Jesus’s instructions to the disciples provide three keys for dealing successfully with unclean spirits, though more than a casual reading is required to comprehend why they work. First, we wonder why He insists the disciples travel light: “Take nothing for the journey except a staff—no bread, no bag, no money in your belts.” (Mark 6:8) Next, we ask why He says to settle with hospitable people: “Whenever you enter a house, stay there until you leave that town.” (v10) Lastly, it’s curious He says not to linger where they’re not wanted: “If any place will not welcome you or listen to you, shake the dust off your feet when you leave, as a testimony against them.” (v11) One would expect the opposite from Him, telling the disciples to abide anyone who rejects them and persist in persuading them to follow Christ. But Jesus has solid and practical reasons for His directions.
Bringing too much too soon to relationships risks greater loss should we discover unclean spirits vex those we’re involved with. Traveling light increases courage to take authority over them; if they resist, we can quickly move on before getting hurt. That’s also why we’re told to find healthy company and stay put. Flitting between good guys and bad guys creates chaos for us and costs us credibility on both sides. We can’t speak to unclean spirits or unhealthy minds if those troubled by them don’t find us sincere. Finally, not compromising our faith to indulge others’ flaws sometimes results in overt rejection. We don’t have to be with people to love them, nor do we need to hang around for added abuse. “Do not believe every spirit, but test the spirits to see whether they are from God,” 1 John 4.1 tells us. When dealing with unclean spirits, we have two options: take authority over them, or if they refuse to yield, leave them alone. We never submit to them—ever. Verse 4 reminds us, “You, dear children, are from God and have overcome them, because the one who is in you is greater than the one who is in the world.” Jesus transfers power to us so we can help those who need it. It’s ours to use, and use it we must.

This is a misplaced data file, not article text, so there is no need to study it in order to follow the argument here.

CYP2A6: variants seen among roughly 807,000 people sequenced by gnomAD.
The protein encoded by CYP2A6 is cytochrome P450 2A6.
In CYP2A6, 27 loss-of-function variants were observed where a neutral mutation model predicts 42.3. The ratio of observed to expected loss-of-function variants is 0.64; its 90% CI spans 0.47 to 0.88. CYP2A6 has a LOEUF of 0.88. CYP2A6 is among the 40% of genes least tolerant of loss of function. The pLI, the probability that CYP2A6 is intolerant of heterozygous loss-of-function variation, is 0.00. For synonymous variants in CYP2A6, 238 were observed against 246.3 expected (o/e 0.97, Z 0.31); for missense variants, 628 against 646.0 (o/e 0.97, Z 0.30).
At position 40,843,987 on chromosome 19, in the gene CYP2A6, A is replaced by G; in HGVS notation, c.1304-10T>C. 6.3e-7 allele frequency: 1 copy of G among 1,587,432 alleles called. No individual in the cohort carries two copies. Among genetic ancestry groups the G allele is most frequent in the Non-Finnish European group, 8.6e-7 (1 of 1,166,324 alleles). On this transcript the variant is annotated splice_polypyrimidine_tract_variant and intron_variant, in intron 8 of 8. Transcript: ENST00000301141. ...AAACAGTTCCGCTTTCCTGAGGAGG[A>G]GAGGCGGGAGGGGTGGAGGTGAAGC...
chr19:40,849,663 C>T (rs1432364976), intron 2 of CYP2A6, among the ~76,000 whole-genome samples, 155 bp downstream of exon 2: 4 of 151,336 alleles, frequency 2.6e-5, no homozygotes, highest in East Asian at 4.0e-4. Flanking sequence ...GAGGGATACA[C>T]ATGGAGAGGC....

The One Who's in us is greater than any unclean spirit in the world.
(Tomorrow: Unexpected Allies)
Personal Postscript: Walt Update
My partner, Walt, returned this morning from his mother's beside with two encouraging developments. First, he has more peace about accepting her loss. Second, it may not be as soon as the physicians anticipated; by yesterday's end, her vital signs had rebounded within normal range. While we're elated by both bits of news, neither surprises us, knowing we're in your prayers and prayer changes things. Thank you again, and please continue to pray for us.